Tony, thanks for your thoughtful response to the points raised by me and others I presume to be fellow Hams.
The fact is “The Man” doesn’t have very many men, and the regulations are really predicated on cooperation and reasonable accommodation among all parties involved when RFI occurs. The Amateur service is largely self-regulated and self-enforced, and the FCC expects Amateur operators to be likewise self-reliant and cooperative in dealing with interferece between the Amateur Service and other services or Part 15 devices. Hams use Part 15 devices also, of course, so we all have the same vested interests in promoting the peacuful co-existence of all legitimate emitters.
More generally on the subject of RFI, I think I speak for most Hams when I say our concerns are two-fold. In the first instance, we believe that manufacturers often produce devices that are far noisier than they need to be. It’s usually quite inexpensive to mitigate RFI, but manufacturers are looking at the multiplied costs, and they often cut corners. Secondly, there is a need for awareness and cooperation among all parties when RFI occurs. Hams have specialized knowledge that we can’t really expect the general public to have; but the main thing needed by both parties is what we were all taught in Kindergarten.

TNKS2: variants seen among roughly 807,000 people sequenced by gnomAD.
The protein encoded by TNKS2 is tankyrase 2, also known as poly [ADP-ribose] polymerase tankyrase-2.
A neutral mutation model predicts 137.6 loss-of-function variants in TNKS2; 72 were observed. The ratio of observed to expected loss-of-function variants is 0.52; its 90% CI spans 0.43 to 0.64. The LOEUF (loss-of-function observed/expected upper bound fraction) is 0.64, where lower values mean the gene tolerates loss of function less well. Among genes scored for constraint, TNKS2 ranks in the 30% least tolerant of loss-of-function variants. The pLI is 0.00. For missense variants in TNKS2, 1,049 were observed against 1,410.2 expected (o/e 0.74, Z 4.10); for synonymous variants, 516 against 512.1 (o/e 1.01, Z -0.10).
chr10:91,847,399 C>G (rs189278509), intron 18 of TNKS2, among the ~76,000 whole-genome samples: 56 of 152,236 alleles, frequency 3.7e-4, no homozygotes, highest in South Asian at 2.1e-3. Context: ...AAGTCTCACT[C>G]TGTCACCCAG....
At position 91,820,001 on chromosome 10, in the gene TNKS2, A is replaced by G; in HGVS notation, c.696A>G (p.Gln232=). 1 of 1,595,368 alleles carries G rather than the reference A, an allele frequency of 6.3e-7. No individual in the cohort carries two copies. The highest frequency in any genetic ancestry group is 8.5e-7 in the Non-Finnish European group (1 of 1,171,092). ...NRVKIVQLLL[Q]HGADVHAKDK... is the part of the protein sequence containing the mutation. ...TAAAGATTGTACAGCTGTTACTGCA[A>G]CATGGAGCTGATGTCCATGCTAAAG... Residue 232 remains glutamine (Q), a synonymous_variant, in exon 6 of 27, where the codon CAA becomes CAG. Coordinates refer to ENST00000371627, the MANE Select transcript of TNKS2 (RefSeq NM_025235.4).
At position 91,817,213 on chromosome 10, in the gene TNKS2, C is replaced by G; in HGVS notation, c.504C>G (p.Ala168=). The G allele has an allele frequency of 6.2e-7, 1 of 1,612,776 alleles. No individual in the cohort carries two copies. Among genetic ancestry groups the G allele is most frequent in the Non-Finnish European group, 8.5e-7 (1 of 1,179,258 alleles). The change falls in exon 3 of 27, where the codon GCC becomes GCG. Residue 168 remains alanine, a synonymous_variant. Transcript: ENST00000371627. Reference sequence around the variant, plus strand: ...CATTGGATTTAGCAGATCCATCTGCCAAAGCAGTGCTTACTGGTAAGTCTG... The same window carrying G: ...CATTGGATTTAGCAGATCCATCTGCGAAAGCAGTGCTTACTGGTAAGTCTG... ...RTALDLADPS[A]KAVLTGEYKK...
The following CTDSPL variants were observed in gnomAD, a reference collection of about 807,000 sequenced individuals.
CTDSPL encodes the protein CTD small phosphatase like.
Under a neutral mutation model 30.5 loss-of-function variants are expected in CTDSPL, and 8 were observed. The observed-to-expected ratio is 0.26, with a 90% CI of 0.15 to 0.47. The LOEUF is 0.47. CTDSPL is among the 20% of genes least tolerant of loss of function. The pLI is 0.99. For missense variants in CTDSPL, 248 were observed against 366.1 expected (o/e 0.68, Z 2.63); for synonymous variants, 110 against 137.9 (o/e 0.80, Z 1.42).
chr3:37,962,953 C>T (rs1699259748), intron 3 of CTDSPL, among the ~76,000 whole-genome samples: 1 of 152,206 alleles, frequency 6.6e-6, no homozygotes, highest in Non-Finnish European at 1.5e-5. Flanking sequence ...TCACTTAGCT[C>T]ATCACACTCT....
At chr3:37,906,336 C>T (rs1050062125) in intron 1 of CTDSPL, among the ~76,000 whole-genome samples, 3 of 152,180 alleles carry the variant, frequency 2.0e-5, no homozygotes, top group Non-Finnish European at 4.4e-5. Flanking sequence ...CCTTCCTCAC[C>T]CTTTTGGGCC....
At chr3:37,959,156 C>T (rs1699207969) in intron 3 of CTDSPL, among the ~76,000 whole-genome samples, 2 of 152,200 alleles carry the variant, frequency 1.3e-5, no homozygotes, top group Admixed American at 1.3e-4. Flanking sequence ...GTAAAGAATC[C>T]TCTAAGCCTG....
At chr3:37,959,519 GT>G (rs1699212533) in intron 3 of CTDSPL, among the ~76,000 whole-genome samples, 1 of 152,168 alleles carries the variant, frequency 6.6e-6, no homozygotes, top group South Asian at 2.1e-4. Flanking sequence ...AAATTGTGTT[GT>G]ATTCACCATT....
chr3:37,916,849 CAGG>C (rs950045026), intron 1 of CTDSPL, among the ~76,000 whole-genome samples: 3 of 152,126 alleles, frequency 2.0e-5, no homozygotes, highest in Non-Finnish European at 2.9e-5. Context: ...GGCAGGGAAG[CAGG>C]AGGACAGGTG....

So now, back to the veiled threat you perceived. I don’t know the OP’s intent, but it seems to me that he accurately stated what could be the worst-case consequence for someone purchasing a poorly-implemented Part 15 device. That could be seen not as a threat, but as an injuction to a manufacturer to protect the interests of their customers. And for what it’s worth, a quick persual of available information seems to indicate that in-home power-line broadband networks are not particularly problematic wrt RFI, in contrast to the commercial equivalent.